I marvel at how many days during quarantine I pretty much set myself up for failure. Monday through Friday trying to achieve the perfect schedule laid out for the kids, well-rounded routine of academics, exercise, and free time. After all, that’s how they typically thrive. I’ve always entertained the thought of homeschooling, so I was initially excited about this opportunity. I really wanted the time to plug in with them on their academics. I wanted to teach my kids more about work ethics, determination and how to be a self-starter. I had some home projects I was stoked about achieving during this quarantine too. AND all this extra family time. Bonus. I’m working full time and so is Eric. My perfectionist mindset about quarantine (and life in general) has had a true reality check. Instead of a schedule, we are meeting ourselves right where we are at. Every day is different. I have learned in order to have a great day; I have had to start the day with zero expectation. Some days work is heavy so school just waits until Eric and I can divide and conquer at night after dinner. Some days work is lighter, and I can juggle my schedule with assisting the kids in between. I realized I’m not a homeschool teacher and the boys don’t truly enjoy distant learning at home. This isn’t a place of academics for them. That doesn’t make me a failure (that my inner voice will whisper). That’s just our reality. It’s okay. Not having a schedule, is okay. Schoolwork at 9am, 3pm or 8pm. It’s fine. Some days we don’t do school at all and we double up the next day because we just can’t.


Mental health trumps everything right now. Some days we are happy. Some days we are tired. Some days we are gloomy and some days I just cry. I miss people. I miss routine. I miss hugs. I miss family and friends. I miss going places. I miss sports. I miss freedom. So do our boys. Every day can come with a different emotion. When I finally accepted that, I finally realized each day had to start with zero expectation and we would build from there.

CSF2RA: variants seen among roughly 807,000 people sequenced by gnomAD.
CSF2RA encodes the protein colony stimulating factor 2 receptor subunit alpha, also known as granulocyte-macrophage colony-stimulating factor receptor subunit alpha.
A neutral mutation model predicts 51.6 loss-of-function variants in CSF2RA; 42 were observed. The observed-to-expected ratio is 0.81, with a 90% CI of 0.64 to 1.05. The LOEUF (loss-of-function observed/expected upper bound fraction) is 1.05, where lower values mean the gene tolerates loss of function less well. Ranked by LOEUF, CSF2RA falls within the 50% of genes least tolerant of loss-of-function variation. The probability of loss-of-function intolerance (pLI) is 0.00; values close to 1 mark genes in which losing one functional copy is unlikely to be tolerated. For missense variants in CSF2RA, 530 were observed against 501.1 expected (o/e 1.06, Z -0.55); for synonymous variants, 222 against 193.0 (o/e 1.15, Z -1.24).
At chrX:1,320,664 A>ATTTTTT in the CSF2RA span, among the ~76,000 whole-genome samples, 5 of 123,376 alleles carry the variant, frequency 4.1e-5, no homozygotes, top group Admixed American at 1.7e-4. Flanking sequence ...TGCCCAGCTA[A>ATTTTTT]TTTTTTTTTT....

I also have learned to just love myself right where I’m at. I might actually get this part right moving forward. Not just for a season, but for life. Not trying to be more than what I can be, not trying to do more than what I can do. But accept the reality in front of me, try my very best, and love myself through it. And what if I just loved myself for everything I am? I then more easily extend that grace and love onto our boys…meeting them where they are at as well… instead of some days trying to force a square peg into a round hole and lose my shit when it doesn’t work.

What about those exciting projects I wanted to do? Not sure. We will see how life goes. That doesn’t mean this quarantine time is a waste. It means I had higher priorities. Like mental health and grace. The extra family time IS a bonus. It’s not the family time I was expecting. But I’ve learned to pivot in all this. Pivot again, and then again. Of course, in my perfectionism I was hoping for picture perfect family bonding. It’s not some days, but that’s okay. The boys are learning empathy, how to negotiate with one another, what it means to be a good listener, how sometimes personal space is SUPER important, the value of friendship, and through thick and thin, good and bad, the best of days along with the worst—mom and dad are there to give unconditional love. Something these boys will carry with them for their lifetime. I have loved the extra time we have. Part of me carries some sadness with that though that we can’t share that time with those that mean the most to us outside the walls of our home.

I don’t know where we are at in the length of this journey, but in short, here are my takeaways thus far:

  1. My identity is in my Lord and Savior. Not what I checked off my list for the day or how much I could accomplish.
  2. Grace and love are powerful medicines in the world we live in right now.
  3. It’s okay to have zero expectations right now. During this pandemic, it helps me start my day with motivation instead of defeat. It allows me a clean drawing board each morning based upon our needs.
  4. I still get to homeschool. My focus has changed from textbook to home economics.
  5. My attitude and outlook right now will teach my kids more about ethics, determination and how to be a self-starter in days of adversity than anything I can teach them through how they complete their schoolwork.
  6. I am enough.